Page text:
I guess I should have listened to our own argument that the first step of math is “posing the right question!”

Now for example, taking my last result, I find the best prediction is 1 (Rock) with a *p*-value of 0.17. That is, there is a only a 17% probability that the data used for this prediction deviated from `DiscreteUniformDistribution[{1,3}]` purely by chance (rather than because of human bias or some other explanation that has changed the distribution).

The smaller this *p*-value, the more confident we can be that we have found a real pattern. So we just do this for every permutation of history length and data slice and choose the prediction with the smallest *p*-value:

And choose the next move that would beat this prediction:

Here it is all put together. You can get it from the Wolfram Demonstrations site at demonstrations.wolfram.com/RockPaperScissorsWithAIPlayer.

### Intelligent player

When it has too little data, it will choose randomly, so you should start fairly equal. Initially as it starts to learn, it makes some dumb choices, and you may take an early lead. But by the time you have played 30–40 games, it will have started to make useful predictions, and you should see your win rate dip into negative territory and stay there.

Of course this solution is only good against a flawed attempt to be random. Its predictability makes it fatally exposed to a targeted strategy, and it’s interesting to try to do that by intuition. It can be done, but if you stop thinking, or over-think, you lose ground quickly. Of course, a program could do that easily by applying the same algorithm in order to predict with certainty my program’s move.

Such an approach leads to an arms race of writing algorithms that beat the opponent’s current algorithm, and the only way out is to return to the Nash-equilibrium strategy of `RandomInteger[{1,3}]`.

***** In case you don’t know the game, the rules are these: you choose rock, paper, or scissors using the hand gestures shown above at the same time as your opponent. Rock beats scissors (it makes them blunt), scissors beats paper (it cuts it), paper beats rock (it wraps it–yeah, I never found that explanation satisfying!). Score a point for a win, none for a draw, and repeat until you get bored.

Download this post as a Computable Document Format (CDF) file.

In reference to the last paragraph, this sounds like a perfect use case for a neural network. Don’t write one algorithm to beat one opponent, write an algorithm that adjusts to any opposing algorithm.

I tried this with 30 games, completely based on my whim. Mathematica won 16 out of 30 – not too impressive, honestly. I mean I’m sure I have some sort of tendencies that could’ve been exploited, and I did not pay much attention to my own histories.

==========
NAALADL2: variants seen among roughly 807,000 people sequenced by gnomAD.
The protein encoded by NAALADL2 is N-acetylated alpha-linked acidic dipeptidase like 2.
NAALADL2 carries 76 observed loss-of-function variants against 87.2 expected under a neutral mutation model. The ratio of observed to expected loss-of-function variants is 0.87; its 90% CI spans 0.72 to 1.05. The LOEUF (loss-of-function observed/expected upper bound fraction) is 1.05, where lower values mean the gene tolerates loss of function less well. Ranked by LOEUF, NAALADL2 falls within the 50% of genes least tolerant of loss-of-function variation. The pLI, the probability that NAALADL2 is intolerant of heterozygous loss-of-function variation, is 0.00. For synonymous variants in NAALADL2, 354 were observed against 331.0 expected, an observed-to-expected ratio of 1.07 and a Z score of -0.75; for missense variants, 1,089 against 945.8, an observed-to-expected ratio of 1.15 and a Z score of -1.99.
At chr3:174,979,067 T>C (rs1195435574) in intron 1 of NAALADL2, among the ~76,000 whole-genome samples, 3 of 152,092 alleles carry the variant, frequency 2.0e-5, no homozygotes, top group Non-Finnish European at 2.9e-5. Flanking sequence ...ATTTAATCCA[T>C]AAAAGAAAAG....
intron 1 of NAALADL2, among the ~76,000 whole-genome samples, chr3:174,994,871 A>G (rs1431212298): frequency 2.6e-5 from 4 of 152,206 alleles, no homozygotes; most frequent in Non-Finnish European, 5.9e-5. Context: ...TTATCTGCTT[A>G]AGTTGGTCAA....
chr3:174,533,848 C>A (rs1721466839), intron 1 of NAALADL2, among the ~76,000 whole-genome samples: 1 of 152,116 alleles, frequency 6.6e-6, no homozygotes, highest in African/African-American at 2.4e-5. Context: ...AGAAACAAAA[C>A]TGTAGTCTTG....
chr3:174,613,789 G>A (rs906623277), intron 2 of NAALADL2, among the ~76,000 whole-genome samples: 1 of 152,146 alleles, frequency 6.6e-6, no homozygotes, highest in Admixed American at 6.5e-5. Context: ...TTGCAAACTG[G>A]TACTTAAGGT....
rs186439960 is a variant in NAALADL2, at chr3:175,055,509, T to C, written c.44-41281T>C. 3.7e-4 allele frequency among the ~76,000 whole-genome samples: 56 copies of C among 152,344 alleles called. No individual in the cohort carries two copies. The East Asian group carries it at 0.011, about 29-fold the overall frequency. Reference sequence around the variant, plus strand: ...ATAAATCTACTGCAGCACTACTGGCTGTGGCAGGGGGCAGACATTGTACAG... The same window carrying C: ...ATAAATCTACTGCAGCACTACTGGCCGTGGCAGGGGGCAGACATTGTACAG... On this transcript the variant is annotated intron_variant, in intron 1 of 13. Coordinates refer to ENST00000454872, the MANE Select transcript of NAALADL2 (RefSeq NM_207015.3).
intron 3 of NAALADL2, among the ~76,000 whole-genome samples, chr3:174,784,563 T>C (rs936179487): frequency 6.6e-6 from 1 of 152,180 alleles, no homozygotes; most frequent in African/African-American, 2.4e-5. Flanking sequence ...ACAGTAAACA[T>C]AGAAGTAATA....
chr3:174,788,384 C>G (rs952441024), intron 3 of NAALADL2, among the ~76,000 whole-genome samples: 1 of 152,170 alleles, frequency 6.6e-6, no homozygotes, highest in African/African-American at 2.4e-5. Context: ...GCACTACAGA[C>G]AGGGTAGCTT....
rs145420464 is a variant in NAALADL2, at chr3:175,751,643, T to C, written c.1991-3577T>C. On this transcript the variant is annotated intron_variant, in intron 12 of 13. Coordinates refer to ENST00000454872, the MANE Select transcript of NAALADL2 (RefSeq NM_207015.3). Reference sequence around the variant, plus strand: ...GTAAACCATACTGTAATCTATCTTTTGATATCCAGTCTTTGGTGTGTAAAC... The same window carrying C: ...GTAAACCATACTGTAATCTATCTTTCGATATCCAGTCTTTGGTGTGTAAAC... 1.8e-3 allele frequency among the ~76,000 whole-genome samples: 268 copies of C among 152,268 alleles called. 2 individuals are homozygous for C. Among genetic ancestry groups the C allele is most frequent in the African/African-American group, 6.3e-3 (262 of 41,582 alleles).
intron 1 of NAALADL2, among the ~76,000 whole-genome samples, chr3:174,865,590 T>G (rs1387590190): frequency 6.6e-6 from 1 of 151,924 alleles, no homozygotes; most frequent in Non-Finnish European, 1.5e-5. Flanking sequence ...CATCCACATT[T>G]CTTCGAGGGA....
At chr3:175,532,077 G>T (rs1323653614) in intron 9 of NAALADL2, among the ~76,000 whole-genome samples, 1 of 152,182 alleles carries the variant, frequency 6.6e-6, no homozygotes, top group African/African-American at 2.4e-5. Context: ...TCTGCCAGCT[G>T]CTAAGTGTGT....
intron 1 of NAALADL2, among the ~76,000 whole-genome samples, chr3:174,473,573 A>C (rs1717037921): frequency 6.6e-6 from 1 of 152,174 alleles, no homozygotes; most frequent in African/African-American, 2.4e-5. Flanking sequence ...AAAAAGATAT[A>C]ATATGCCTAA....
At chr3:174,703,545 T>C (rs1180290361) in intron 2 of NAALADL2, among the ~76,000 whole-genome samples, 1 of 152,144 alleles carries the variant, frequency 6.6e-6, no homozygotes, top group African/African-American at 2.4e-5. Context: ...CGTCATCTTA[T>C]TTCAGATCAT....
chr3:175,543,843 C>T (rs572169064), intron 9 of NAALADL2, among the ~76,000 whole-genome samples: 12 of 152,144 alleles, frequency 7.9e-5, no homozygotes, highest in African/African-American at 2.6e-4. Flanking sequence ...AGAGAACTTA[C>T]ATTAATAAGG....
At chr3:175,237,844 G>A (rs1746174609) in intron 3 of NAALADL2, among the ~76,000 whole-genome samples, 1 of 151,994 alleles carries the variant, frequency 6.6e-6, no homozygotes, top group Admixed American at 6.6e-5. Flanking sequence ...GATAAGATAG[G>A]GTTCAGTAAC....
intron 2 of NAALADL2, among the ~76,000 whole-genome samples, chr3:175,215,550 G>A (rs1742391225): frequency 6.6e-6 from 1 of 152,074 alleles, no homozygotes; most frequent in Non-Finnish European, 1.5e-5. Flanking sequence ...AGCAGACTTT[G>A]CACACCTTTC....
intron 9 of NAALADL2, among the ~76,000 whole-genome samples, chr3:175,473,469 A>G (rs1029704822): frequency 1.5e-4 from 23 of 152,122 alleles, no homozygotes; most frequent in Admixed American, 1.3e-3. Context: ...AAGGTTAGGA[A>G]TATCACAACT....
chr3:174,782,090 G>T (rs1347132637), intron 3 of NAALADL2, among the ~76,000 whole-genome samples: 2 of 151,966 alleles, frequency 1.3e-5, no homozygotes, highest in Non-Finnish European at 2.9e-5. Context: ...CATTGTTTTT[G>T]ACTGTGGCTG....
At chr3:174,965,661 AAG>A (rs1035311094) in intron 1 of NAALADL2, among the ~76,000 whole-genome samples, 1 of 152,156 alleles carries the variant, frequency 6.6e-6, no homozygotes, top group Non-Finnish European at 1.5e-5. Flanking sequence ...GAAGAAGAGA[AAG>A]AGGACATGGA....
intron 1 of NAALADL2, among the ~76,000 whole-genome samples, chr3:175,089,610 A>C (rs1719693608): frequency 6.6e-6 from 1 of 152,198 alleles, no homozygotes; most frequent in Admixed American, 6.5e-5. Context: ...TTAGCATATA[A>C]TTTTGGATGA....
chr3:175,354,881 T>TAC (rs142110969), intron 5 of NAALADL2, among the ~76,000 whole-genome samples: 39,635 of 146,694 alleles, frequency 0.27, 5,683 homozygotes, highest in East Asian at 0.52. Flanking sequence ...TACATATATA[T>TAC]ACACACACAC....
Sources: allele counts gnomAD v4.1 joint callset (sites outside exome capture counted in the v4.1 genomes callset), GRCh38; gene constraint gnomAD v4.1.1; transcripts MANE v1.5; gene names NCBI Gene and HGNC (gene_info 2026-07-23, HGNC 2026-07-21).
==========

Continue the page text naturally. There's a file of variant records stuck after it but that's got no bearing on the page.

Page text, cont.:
As I said in the article “by the time you have played 30–40 games, it will have *started* to make useful predictions”. But there is almost nothing useful before this. If you look at the available data for say your 2-go history or the whole game 1-go history, there are 9 possible combinations. That means that after 27 games there are only 3 data points for each possibility. If you play at all evenly, then you will have about 1 of each possible play after those events – not enough to infer anything useful unless you have a very clear pattern. So at 30 games it is only really starting to look at single player 1-go history. Play on to 100 games and see what happens.

Nice! This reminds me of a variation of the game that I played with my kids when they were still very young. It has a twist about which you really have to think about for a few seconds. We played the game with the three of us. There are only two hand gestures, palm up or down, and the goal of the game is to be the odd man out. We played this for a couple of rounds and then I announced that the next round I would play “palm down” (and, of course, that I wasn’t lying about this). Great was their initial joy thinking they would now beat their father for sure, until each of the boys realized what using this information meant, given that his brother had the same information. Think about this, and I hope you see and enjoy the amazing twist. How would you use this information?

This can be an index for the weakness of our own random number generator, mine it’s horrible: 60-42!!!

For me the interesting part of this is that the “financial modelers” do exactly the same with the financial market, but there there are only two choices and only a column!!! :D

note “For example, in this case we find what the human typically chose [[[missing:scissor]]]] after having previously chosen Rock, regardless of what the computer did each time.”

So should that program have learnt from me? Because I reached a 75% win ratio on both just by clicking haphazardly.

They should do this next. Make it even more complex

Sheldon would definitely beat the Wolfram Language program (as long as touching is prohibited).